It Begins with Me

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I took the picture you see, with all the multicolored string. It’s a self portrait of sorts, stemming from a class I took at Iowa State during my time striving for my Bachelor degree in Design.

If I could be anything I wanted, I’d be an art photographer and a writer.

I turn 50 this year and it feels a bit surreal. I don’t feel 50. Does anyone feel 50? I don’t look 50 and I suppose that’s a good thing. When I was young, I was told I had an “old soul” and a wise mind. I never felt old or wise. I still don’t. I keep wondering when that will kick in.

I have four children, one through adoption and 3 from my body. My oldest was adopted in a previous relationship which ended badly and he wanted nothing to do with our son afterward. He has special needs and requires round-the-clock care. When J came into my life as more than a friend, he accepted my oldest as his and became in every way his father. That was part of what drew me to him, to be honest – I saw in him the most amazing ability to be a dad. And he certainly is.

He gave me three children who are now 14, 12, and 6. My oldest is 22 and will be 23 by year’s end. It truly is strange how time passes quick yet slow, and then you blink and it’s 20 years past. I can remember their first steps, their first laugh, their first true tears. I remember it all and watching them grow up has been both a joy and a terrible pain. As I understand it, that is simply how parenthood goes.

I have been many things in my life. I have done just about every kind of job imaginable in the service industry, spanning food service to administration. I have driven trucks and buses. I have run businesses and I have worked for others. I have handed out tools and I have processed pigs into meat. I am a jack of all trades.

I used to think that was an insult when I was young. Now, it feels like a badge of honor. There’s not much I can’t do or learn to do. I am not afraid of challenges. I have lived without running water and I have left signs of civilization behind to camp and hunt. I was taught to take care of myself: I can hunt, sew, clean, cook, and gather. I know how to make soap and I know how to chop wood. I love technology but can walk away from it and just be. I love to drink and I love to be sober. I have always been of at least two minds about everything. I like myself.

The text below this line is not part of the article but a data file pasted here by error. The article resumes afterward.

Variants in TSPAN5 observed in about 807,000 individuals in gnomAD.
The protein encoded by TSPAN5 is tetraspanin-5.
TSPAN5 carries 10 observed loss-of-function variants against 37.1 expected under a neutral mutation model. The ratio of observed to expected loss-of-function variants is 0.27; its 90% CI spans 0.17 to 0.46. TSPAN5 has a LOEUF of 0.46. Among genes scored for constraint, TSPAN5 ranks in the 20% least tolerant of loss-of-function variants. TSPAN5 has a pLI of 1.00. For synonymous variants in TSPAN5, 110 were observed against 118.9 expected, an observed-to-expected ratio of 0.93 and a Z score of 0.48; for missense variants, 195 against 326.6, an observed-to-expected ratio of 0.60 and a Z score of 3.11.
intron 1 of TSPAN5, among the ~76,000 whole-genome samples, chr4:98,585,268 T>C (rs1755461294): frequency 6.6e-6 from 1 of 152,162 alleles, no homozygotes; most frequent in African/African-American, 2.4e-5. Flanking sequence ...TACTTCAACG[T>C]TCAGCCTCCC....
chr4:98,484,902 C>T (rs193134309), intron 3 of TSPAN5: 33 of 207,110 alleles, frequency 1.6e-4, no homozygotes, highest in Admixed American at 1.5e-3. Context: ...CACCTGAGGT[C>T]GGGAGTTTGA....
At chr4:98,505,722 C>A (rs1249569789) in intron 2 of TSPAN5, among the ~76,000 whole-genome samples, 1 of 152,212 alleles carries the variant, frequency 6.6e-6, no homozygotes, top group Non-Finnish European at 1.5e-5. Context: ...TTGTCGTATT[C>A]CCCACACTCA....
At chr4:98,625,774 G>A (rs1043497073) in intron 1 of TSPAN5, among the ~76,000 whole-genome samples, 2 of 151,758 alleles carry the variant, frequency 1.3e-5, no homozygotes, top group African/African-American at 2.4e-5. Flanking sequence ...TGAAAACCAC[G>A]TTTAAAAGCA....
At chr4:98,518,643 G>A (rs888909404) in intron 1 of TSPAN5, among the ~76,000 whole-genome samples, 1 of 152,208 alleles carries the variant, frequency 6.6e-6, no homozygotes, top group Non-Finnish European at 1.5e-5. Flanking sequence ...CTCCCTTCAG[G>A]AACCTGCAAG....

I set out as a young adult to be myself. I had no idea what that meant. In the last 30 years of tears, struggles, and triumphs, and quite a few disastrous failures, I have learned who I am and I have proven to myself that I am stronger, and weaker, than I could ever imagine. I am not going to live forever, despite my young assurances to the contrary. I am flawed. I am imperfect. I am a pain in the ass, but I am me.

I am coming to the realization that if I want to change things, I’m going to have to get out there and do it. It’s a terrifying thought that my opinions and what I am driven to say and do could get me killed, but it’s worse to think my children would be harmed. I’ve been living carefully since they were born, walking that fine line between being involved and being too involved. I need to raise my children.

The other night, one of my sons – the 12 year old – said he was surprised I didn’t attend the women’s march in DC. I told him I wanted to, but it wasn’t something that I could realistically do. He asked me why. I said, we can’t afford it and I can’t leave you guys alone that long – what would your father do? He gave me an odd look and said, “Pretty sure we’d be fine. We do fine in the summer when you travel. Maybe you just don’t really want to go and we’re an easy excuse.”

It gave me pause. Was he right? I suppose on some level, perhaps. I realized that I am sending a message by my inaction and I’m not sure it’s one that I want my children to learn. I suppose I will just have to jump in, and land where I can. I worry that my choices will hurt my children, either from action or inaction. I worry constantly if I am putting them first and being a good mother. I worry often that I put too much on my plate and then fall short of my goals, which puts a strain on our finances and on my husband. He never complains however, and has never fallen short in his support of me, my dreams, goals, and plans.

I’m slowly inching toward the idea of striving for human rights and change within the government, running for office and seeking to get face to face with the people that I have spent half my life angry at. I have no money and I am not a professional anything – can I run for office and do any good whatsoever? These are the questions that plague my mind late at night.

In the end, I suspect I will simply be laying the groundwork for my children to strive forward into the fight. There is pride in knowing I am raising good, decent, strong men for the next generation. I teach them patience and compassion. I enforce the idea that they are people and I don’t have a right to destroy their ability to choose, whether or not I agree with them. I feel strongly that these young men I am raising will one day rattle the status quo and challenge the world.

For now, that’s where I am and where I start my fight. We shall see where it goes from here.

Jaz

 

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